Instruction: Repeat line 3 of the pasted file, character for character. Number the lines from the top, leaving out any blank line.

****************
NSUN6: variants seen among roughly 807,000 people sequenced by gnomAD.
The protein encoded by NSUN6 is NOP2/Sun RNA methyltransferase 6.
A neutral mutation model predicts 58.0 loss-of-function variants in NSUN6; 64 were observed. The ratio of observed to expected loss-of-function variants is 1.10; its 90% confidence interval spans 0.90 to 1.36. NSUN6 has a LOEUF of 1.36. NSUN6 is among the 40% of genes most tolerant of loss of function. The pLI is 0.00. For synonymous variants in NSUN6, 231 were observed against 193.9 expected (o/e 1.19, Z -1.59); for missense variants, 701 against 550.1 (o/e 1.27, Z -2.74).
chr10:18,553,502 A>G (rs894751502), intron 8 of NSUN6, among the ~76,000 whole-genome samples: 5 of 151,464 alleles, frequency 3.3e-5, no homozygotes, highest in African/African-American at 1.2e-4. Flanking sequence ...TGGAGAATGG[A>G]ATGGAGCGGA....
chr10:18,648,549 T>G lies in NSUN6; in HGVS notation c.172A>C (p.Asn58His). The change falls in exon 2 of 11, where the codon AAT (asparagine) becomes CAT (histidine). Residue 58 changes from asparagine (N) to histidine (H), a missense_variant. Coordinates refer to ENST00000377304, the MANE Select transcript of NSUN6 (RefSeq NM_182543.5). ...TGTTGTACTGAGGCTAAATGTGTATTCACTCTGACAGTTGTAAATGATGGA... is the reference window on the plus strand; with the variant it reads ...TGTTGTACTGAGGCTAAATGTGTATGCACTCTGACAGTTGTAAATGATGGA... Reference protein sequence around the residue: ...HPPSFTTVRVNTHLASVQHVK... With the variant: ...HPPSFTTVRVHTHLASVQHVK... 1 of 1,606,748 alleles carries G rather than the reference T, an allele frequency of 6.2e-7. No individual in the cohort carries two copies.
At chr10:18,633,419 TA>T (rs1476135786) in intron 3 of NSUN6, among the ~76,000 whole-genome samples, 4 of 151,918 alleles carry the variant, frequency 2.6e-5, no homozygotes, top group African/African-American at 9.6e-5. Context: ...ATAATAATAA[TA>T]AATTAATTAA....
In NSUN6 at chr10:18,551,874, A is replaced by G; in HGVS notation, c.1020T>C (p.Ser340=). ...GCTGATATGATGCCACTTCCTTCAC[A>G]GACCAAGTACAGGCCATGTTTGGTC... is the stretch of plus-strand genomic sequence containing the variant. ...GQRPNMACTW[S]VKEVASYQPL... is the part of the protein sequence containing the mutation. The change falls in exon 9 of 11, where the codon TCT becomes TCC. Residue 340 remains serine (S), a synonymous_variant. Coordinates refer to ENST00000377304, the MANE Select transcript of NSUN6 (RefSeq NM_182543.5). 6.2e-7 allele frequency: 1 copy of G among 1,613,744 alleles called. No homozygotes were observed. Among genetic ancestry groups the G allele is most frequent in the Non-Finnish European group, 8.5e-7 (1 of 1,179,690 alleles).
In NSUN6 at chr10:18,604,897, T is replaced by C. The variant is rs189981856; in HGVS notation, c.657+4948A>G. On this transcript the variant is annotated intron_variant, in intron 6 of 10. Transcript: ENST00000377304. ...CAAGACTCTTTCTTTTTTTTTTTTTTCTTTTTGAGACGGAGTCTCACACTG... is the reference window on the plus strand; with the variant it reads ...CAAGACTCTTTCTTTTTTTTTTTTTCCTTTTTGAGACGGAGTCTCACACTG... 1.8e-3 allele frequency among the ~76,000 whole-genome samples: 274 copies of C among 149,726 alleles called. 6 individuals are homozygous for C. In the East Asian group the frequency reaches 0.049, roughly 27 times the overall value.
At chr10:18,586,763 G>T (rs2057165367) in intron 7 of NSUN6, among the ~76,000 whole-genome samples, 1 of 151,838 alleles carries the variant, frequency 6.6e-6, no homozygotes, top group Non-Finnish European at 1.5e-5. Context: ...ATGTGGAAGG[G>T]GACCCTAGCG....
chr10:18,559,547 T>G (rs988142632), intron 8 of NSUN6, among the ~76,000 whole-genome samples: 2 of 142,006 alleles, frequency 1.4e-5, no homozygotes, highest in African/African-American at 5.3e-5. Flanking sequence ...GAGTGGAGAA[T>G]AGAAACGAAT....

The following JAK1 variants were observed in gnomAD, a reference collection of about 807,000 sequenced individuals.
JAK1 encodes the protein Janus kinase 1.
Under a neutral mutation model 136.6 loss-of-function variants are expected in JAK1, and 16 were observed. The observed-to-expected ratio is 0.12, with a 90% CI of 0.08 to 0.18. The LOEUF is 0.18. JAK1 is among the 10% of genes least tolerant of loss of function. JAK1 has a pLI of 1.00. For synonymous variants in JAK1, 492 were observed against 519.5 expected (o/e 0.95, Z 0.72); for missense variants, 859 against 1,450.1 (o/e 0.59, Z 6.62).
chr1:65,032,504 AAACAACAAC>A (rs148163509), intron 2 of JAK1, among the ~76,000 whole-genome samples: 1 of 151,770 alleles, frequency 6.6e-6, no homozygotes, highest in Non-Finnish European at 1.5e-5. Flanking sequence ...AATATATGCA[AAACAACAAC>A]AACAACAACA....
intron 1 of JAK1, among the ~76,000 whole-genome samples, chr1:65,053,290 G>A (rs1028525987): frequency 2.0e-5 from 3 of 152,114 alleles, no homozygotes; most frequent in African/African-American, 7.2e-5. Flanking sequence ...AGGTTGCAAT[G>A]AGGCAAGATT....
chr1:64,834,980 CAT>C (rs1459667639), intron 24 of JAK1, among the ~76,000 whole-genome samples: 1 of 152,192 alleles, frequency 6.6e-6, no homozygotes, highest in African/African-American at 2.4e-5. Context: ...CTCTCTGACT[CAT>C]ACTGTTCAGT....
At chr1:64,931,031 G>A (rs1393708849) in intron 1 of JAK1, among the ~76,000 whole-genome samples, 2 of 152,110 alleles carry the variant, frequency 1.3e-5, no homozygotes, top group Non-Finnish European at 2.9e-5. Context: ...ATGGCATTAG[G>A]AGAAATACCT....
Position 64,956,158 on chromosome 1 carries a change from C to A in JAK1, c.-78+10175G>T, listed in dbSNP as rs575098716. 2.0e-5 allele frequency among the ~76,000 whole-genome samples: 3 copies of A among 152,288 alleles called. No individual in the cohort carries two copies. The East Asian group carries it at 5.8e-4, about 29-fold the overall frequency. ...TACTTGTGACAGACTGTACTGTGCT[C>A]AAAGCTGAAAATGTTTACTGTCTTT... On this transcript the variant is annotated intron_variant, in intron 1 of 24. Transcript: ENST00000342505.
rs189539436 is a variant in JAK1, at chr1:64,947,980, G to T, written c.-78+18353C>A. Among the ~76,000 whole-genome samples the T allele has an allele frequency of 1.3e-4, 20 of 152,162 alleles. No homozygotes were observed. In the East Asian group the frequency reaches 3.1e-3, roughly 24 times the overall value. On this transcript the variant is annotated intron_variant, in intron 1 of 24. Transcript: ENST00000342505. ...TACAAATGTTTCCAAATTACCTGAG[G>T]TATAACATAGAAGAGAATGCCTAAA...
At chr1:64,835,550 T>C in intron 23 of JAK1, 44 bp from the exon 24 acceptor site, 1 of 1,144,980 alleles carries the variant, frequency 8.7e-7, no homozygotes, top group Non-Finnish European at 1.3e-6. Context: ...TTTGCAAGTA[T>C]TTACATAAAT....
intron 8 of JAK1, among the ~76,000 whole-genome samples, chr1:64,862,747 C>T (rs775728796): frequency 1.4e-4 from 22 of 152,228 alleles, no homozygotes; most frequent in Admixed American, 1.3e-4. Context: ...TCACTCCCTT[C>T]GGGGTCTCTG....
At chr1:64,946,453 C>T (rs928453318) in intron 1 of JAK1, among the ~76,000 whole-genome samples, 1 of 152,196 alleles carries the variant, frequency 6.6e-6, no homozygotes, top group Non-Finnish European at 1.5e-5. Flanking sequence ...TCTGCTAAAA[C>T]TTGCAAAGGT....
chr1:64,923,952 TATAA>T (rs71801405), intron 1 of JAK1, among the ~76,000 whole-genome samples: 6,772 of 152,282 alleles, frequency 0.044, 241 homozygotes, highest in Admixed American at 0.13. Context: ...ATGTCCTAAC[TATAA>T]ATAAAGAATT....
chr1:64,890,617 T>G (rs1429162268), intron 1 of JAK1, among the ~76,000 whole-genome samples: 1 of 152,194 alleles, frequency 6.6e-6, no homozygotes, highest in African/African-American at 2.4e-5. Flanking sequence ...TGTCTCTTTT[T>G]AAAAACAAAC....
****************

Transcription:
A neutral mutation model predicts 58.0 loss-of-function variants in NSUN6; 64 were observed. The ratio of observed to expected loss-of-function variants is 1.10; its 90% confidence interval spans 0.90 to 1.36. NSUN6 has a LOEUF of 1.36. NSUN6 is among the 40% of genes most tolerant of loss of function. The pLI is 0.00. For synonymous variants in NSUN6, 231 were observed against 193.9 expected (o/e 1.19, Z -1.59); for missense variants, 701 against 550.1 (o/e 1.27, Z -2.74).